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Cactus Corking: What It Is And How It Happens

In nature, cacti are usually green everywhere. If you have been growing cacti for some time, you will already be familiar with this fact. However, sometimes cactus corking affects the succulent in a way that turns a large area brown instead of remaining green like it normally would.

It’s okay that this happens; it’s meant to happen for many cacti, but how does cactus corking occur?

What is Cactus Corking Anyway?

Cactus corking is the change in color and texture of a cactus that occurs as a result of the aging process, as well as how weathered the cactus is.

A cactus will naturally begin to cork over time in order to create a firm foundation for future development. Consider it a self-consolidating basis.

When cacti cork, they form a bark-like structure that starts at the plant’s base and extends straight up all around it for a variable period of time depending on the cactus.

Cactus corking gets its name from its resemblance to a cork-like structure.

Although it may look strange that a green cactus is becoming brown, there is nothing to be concerned about if it is corking and not turning brown due to other unhealthy factors such as rot.

So, if your cactus is corking, it’s just prepping for future growth and making sure it can support its own weight without falling over.

Read more about how to tell the difference here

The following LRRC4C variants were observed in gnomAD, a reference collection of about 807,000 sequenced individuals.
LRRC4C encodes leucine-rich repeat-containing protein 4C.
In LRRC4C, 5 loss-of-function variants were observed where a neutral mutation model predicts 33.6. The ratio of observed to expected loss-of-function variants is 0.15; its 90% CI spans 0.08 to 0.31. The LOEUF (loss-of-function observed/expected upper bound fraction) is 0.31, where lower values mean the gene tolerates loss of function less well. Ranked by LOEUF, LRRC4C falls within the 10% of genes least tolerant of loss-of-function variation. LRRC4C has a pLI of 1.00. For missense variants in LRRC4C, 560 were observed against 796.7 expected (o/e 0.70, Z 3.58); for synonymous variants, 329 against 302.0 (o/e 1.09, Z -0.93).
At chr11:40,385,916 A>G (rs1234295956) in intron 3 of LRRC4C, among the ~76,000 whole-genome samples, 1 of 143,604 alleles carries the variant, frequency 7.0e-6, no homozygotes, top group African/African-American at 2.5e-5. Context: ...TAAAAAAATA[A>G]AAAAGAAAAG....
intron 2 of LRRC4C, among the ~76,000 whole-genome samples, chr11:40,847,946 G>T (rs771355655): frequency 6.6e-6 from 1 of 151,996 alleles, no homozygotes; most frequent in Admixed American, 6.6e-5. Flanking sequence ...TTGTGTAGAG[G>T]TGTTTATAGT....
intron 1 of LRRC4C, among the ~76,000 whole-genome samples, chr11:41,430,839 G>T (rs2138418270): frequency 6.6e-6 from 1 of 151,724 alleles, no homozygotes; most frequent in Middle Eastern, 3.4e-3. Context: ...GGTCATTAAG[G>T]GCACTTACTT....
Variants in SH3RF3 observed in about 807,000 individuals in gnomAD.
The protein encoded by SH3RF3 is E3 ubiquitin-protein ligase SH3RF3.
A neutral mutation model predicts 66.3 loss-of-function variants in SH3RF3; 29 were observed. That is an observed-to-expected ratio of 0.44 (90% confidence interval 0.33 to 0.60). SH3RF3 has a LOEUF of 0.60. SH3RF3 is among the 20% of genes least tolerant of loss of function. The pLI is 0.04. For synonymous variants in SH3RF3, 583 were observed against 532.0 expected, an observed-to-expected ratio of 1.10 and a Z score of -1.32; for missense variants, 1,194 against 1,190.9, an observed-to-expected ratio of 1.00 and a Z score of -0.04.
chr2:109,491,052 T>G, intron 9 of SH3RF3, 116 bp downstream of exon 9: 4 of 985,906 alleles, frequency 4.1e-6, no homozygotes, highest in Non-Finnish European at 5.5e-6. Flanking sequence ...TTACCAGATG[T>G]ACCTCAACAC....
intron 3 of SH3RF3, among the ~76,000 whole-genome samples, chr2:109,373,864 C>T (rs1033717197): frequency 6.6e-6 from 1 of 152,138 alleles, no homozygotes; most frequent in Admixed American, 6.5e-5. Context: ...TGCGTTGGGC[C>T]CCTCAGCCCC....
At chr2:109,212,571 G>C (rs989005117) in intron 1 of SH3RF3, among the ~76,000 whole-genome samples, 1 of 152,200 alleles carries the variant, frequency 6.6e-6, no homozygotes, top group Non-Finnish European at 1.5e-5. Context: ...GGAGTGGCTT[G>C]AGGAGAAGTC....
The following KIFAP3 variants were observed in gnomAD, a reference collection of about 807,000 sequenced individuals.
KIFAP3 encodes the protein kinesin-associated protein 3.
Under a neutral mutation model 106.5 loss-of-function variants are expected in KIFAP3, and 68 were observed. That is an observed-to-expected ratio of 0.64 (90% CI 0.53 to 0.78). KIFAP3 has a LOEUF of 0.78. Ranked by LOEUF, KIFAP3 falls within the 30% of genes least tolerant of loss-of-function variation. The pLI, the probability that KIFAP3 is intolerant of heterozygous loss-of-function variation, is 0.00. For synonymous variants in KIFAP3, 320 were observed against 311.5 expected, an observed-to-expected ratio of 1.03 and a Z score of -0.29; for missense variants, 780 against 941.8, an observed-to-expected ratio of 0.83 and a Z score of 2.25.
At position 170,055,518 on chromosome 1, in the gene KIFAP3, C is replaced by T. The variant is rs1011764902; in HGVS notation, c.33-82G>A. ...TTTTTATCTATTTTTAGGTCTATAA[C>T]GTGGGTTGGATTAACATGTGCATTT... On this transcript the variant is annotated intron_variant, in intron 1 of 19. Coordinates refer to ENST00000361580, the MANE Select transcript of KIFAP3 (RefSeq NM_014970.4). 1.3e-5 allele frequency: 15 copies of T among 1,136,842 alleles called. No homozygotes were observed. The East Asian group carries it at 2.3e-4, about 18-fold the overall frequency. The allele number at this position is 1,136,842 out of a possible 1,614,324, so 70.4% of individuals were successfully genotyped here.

Touching the brown portion of the plant is the best method to identify if your cactus is corking or not. The cactus is most likely corking if the region feels stiff to the touch and nearly bark-like.

Also, because this is a lengthy process, if you observe a large brown patch emerge overnight, that is not the case and something is amiss.

If your cactus has experienced something similar, it’s likely due to rot, sunburn, cold conditions, or other circumstances.

If the cactus is soft or mushy to the touch and is brown, you’ve got rot on your hands and should inspect the roots for damage.

To summarize, corking is a bark-like structure that is hard and grows gently up your cactus; anything else is not.

There are also other factors that cause corking

Cactus can begin to cork when cultivated in very strong light for lengthy periods of time, in addition to the aging process. So, if you want to boost the chances of this happening to your cactus, supply more light than normal and for a longer period of time.

It is important to remember that doing so will expose your cacti to light, but it will also hasten the corking process.

Giving your cactus more shade than usual will prevent it from corking. This will reduce its chances of corking.

If you don’t want your cactus to turn brown naturally, this isn’t a certainty, but it’s certainly better than doing nothing.

Is Cactus Corking permanent?

Cactus corking is a permanent feature once the process has begun. This is either bad or good, depending on how you look at it.

Your cactus will always be brown on a certain part of the plant, no matter what you do.

But that’s fine, because most cacti do this naturally and it’s what most people expect.

There is a chance that it isn’t as beautiful as you thought it would be, but who knows? You might end up liking it.

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